While rising prices and interest rates may be draining our pockets, for middle- to upper-income earners, things are not as bad as they have been in the past. We have lived through far tougher times.
In the late 1990s, the prime interest rate reached 25%, causing a mortgage crisis and mass repossessions of homes as people were unable to meet their bond repayments.
In the 1970s, the world lived through unprecedented fuel price shocks due to the energy crisis, and inflation raged out of control for decades.
Even our current food price inflation, which was recorded at 6.3% last April, is moderate compared with the drought of 2017, when food staples were increasing at a rate of 45% and the overall rate of food inflation soared to more than 12%.
We are certainly not expecting the kind of interest rate increases we saw in 1998, when rates went up 640 basis points in just three months, or even 2001/02, when the repo rate increased by 350 basis points, bringing the prime rate to 17%.
In comparison, the current interest rate cycle is expected to be relatively moderate. Rates are only increasing by 25 to 50 basis points at a time.
READ: Survive the cost of living crisis – what you need to do now
Over the entire rising interest rate period, which started in November, interest rates are expected to only increase by about 250 basis points in total, reaching a repo rate of 5.5% – which is still one of the lowest interest rates in our history and lower than pre-Covid levels.
As Stanlib economist Kevin Lings explains, the current inflation rate is nowhere near reaching the double-digit inflation rates that South Africa became accustomed to in previous decades.
“We used to live with double-digit inflation and volatile interest rates. Incomes did not keep up with inflation, which increased at 15% a year. The living standard went backwards in real terms,” explains Lings.
But, with the rapid decrease in inflation after 2003, many households saw real incomes rise and there was, to some extent, a wealth effect.
Since the end of the credit crisis in 2009, we have become used to a declining inflation and interest rate environment, and this is why, in part, we are experiencing stress around current events – we are not used to them.
Lings explains that the more moderate price and interest rate environment is partly due to the inflation-targeting practice of the SA Reserve Bank, which has kept inflation largely under control.
It has also been helped by a relatively stable rand, unlike during the 1998 emerging market crisis and the 2001 currency crisis, when the rand weakened significantly, resulting in major interest rate hikes to protect the currency and contain imported inflation.
“The benefit of inflation targeting has meant that prices have anchored at lower levels. We are also able to attract better capital flows, which helps to stabilise the currency, so the Reserve Bank has not had to act as aggressively on interest rates as in the past. There is also an awareness that, in fighting inflation, you don’t want to wreck economic activity,” Lings says.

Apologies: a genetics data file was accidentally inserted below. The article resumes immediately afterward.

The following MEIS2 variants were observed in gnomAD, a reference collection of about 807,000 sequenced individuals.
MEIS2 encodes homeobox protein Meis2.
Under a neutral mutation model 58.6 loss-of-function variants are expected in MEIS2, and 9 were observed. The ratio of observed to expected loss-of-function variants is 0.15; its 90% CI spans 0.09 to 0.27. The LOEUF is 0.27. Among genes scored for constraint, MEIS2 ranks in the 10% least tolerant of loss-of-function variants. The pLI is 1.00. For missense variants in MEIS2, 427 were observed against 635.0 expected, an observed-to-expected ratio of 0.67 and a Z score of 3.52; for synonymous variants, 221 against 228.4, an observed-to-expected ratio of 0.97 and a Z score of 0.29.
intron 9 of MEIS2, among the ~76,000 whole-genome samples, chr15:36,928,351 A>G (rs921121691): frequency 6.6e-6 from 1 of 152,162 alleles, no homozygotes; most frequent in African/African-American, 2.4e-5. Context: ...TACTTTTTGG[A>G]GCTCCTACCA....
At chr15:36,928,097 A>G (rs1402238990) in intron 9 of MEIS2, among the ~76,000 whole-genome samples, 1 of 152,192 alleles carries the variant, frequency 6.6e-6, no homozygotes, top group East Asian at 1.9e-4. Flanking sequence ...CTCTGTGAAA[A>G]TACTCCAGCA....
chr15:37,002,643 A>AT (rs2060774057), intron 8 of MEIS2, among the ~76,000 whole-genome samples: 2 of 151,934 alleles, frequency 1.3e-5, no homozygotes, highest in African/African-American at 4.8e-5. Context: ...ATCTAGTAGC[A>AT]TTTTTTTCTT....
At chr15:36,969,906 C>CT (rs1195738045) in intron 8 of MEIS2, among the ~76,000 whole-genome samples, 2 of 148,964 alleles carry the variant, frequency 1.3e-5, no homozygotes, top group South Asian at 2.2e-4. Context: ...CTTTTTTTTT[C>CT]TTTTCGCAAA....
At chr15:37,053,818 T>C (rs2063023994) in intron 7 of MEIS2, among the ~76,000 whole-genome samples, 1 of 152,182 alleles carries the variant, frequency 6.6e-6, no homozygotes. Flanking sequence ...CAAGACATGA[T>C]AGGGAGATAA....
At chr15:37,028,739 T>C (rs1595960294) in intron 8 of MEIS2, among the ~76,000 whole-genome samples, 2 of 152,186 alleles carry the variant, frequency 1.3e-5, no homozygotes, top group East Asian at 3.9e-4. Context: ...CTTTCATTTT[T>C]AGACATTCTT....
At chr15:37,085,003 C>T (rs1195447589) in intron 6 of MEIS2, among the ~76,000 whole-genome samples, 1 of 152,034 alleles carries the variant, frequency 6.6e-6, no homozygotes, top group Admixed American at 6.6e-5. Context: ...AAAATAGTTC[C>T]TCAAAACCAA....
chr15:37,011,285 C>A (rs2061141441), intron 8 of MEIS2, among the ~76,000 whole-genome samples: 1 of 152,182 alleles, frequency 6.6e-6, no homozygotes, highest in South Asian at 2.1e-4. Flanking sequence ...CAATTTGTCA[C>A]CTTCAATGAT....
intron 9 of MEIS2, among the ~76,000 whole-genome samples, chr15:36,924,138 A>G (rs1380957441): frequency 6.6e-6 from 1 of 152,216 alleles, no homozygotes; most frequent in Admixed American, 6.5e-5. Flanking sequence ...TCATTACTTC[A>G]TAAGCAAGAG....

Even our household debt levels have improved in the past few years as banks have pulled back on lending in recent years – for example, extension in credit card debt has been growing below inflation.
This is why banks are not worried about customers meeting their debt servicing costs, even if some individual households may be overindebted.
THE HOUSEHOLD REALITY CHECK
If the statistics are telling us things are not that bad, why are we feeling so much financial stress? Because our economy is in trouble – big trouble.
The main reason inflation is under control is because our economy is not growing. There is no demand pressure to keep prices inflated and companies are not making enough profits to meet wage demand increases.
Salaries are not keeping up with inflation and credit demand is low because people have stopped spending. When inflation is being kept under control due to a lack of economic growth, this is bad news for households.
One statistic that is markedly different from those previous high inflation/interest rate environments is our unemployment level, which is the highest in our history. We have still not recovered the 1.5 million jobs lost at the start of the Covid-19 lockdowns.
While the impact of rising fuel and food prices can largely be absorbed by middle- to upper-income earners, the impact on low-income earners and the unemployed is devastating.
Lings says the lowest 40% of income earners spend nearly half of their income on transport and food.
Inflation on public transport in April was 14%, so the inflation rate experienced by lower-income earners is higher than the middle to upper class when their main purchases experience significant price increases.
READ: SA mired in a cost of living crisis
Yet the knock-on effect of unemployment is being felt by middle-income earners too. They are responsible for supporting extended family who have lost their jobs and the increasing number of young people who are unable to find work.
Joblessness is why we should be worried about the future. Prices will moderate and, over the next year, we could even see fuel prices reduce. We could also see interest rates start to decline next year.
But, without economic growth and job creation, the pressure on households will only continue to grow.
We should be less worried about fuel and food prices, and a lot more worried about how we are going to create jobs and grow the economy.